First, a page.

I think the worst numbering schemes were from DEs who used part of their company name as a part of their style numbers, ex 123DAQU456. Don’t do that. It lends the impression in other people’s minds that you’re not smart enough to remember your own name. This example also illustrates why letters shouldn’t be in the middle of the numbering sequence because from a visual standpoint, they get buried.

Again I reiterate, don’t start style numbers with a zero. I’m amazed at the number of people who’ve read my book (by the way, all of the examples in this post are from book readers) and they still do that. I realize that some spreadsheet software programs will assign numbers beginning with zeros but don’t rely on an accounting program to do that for you. A style numbering system is something you design to reflect the needs of your product mix. Use numbers to represent meanings you assign.

How to issue style numbers pt.127
How to issue style numbers pt.128
How to issue style numbers pt.129
How to issue style numbers pt.130

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  1. Georgina says:

    I have noticed that there are many lines that have both names and style numbers. I guess they use the style numbers for manufacturing, and names for marketing and sales. I wonder if a buyer prefers to buy a “Lolita” bustier versus a 4506 bustier.

  2. Anyone in the manufacturing-retail stream will prefer the style number over any other choice so buyers will similarly prefer style# 4506. Buyers are the ones who’ve complained most about a designer’s habit of naming styles. It was a buyer who told me naming was arrogant (clothes are not children, cities, cars or buildings); she couldn’t remember the names of cars so how could she remember the names of clothes?

    While consumers may like “lolita” more than 4506, I seriously doubt that dislike of a number will be the reason they’ll leave it on the shelf.

  3. Eric H says:

    There was an article in the Wall Street Journal a while back about a thong, style number 4811, which had gotten popular. Yes, the customers knew it by the style number; you can google it by “4811 thong” (leave the quotes out). Here is the article on the manufacturer’s website

    The customers will never know what to call it if the retailer never orders it. If the retailer orders it and it’s good, it doesn’t matter what you call it; the customers will figure something out, even if it’s just to use the style number.

  4. Anly says:

    I am currently trying to come up w/ new style numbers. I have thought about using the number system, but was wondering what you do when you reach style number 6999. For example. alll skirts are style number group 6000. But say you are on you 999th skirt and you go to make your 1000th skirt. Were do you go from 6999, since you can’t go to 7000 (since that should be another category? I know this situation is unlikely, but some designers make tons of dresses and do 3 seasons or more, so in 10 years you may run into this problem. What is the ideal way to handel this so that you do not have to reorganize your system in the future?

  5. Kathleen says:

    A clue to the answer to your question can be found within the entry How to issue style numbers pt. 128:
    Then, the coding system is useful for other kinds of specialization. Let’s say you stick with women’s apparel but you branch into pricier or lower cost lines than the one you launched with. You’d need a numbering series for a higher price point and to distinguish it from your existing one. Similarly, if you add a modest price point, it’d need it’s own series too.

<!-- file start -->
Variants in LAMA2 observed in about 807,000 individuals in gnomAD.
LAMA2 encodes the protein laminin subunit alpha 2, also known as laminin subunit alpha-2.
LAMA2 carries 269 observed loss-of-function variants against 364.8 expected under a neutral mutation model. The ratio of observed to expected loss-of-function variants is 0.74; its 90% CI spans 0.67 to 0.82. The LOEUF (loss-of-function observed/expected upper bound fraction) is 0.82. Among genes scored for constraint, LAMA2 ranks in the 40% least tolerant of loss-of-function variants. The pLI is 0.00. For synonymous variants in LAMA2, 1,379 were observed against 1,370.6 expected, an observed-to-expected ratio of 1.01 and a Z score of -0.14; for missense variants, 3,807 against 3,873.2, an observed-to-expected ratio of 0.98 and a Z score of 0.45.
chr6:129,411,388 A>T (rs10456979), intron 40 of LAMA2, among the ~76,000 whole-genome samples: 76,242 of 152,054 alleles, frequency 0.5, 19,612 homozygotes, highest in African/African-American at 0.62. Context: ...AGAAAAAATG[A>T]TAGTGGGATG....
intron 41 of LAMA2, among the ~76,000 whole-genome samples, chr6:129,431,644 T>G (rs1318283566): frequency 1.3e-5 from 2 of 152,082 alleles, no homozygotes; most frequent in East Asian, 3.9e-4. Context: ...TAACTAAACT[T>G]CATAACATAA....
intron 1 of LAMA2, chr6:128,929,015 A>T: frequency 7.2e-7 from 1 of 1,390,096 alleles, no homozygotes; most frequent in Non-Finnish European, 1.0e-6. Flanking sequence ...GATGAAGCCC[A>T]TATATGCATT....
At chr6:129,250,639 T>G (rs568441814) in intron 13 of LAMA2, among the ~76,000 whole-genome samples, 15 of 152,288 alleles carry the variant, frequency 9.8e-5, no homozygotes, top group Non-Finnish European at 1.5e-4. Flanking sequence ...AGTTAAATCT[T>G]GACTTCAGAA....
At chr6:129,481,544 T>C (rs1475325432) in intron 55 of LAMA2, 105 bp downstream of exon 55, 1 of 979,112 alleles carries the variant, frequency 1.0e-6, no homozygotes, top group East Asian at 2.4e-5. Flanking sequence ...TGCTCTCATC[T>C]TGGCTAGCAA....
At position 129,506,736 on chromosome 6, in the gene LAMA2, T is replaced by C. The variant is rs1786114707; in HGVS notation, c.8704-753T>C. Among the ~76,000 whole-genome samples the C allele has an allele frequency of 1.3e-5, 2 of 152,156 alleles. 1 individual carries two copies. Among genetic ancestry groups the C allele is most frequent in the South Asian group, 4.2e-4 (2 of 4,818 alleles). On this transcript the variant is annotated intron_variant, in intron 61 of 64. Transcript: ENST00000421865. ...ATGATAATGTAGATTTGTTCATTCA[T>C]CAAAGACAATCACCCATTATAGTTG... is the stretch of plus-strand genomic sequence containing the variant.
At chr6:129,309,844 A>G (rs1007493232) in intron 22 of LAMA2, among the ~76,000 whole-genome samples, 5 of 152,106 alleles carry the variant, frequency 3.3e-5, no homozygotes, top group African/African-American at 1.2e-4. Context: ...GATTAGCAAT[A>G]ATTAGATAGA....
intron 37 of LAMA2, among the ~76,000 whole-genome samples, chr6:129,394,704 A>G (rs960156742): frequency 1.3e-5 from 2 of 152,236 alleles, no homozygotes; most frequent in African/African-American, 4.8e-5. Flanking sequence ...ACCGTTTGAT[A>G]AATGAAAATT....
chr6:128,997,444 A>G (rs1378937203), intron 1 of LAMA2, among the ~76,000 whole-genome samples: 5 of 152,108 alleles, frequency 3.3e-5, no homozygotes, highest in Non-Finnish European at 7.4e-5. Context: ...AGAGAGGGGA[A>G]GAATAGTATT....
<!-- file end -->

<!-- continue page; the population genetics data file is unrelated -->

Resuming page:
10000 = existing women’s line
    20000 = pricier women’s line
    30000 = modest priced line

    If your product line became so successful and had such longevity that you’d have produced 999 skirts, chances are excellent that well before that ever happened, you would have introduced an entirely different label/category, if not 2 or 3 others by then.

  6. Summer says:

    I am a designer working on my line. Can anyone suggest a manufacture that I can use to have my pieces produced once I receive orders? My line is small so a small production will do for now. Also what are usually the minimums that designers have for boutiques price wise? My friend suggested $1500 min. order amounts. Is that too high or average?

  7. Jennifer says:

    I am just trying to read all the old posts.I am sitting here snickering about this post and the PN number posts Ha! if only
    as previous mentioned I worked at import and domestic manufacturer in Canada. They have been around over 65 years. The number system for style is soooo messed up.

    first the style number were 6 character long
    first four for style last two for line and sizing ie XXXX16 the 1 for regular regular size and 6 for specific brand or customer. now they did start all the parka in say “2300” section but they keep that for all lines i.e. the mid price and higher priced line therefore leaving only 99 style for type of garment for both lines ha ha ha
    fortunately they are business who does not change it product a lot it is work wear very basic stuff

    when they added import 10 years ago they insisted the first character be turned into “i” therefor leaving only three character for style – at first the imports were small, eventually thing picked up and in the three years I was there, we went through over 999 styles. so when I left we using numeric and alpha like I5j412 ha ha ha ha

    now you ask why only 6 character – because the computer system which is written in basic or some other decrypted old language and could only handle 6 digits – kinda the Y2K thing memory space.
    Now you ask just up grade the system ha ha ha ha when i joined they said in three years the have a new system up and running. I been gone 8 months still no system even on the horizon.

    additionally some major customers have transposed and added characters to our repeat style numbers They now do not fit into the system and the customer won’t change back so we had cheat sheet to know what style is what. ha ha ha ha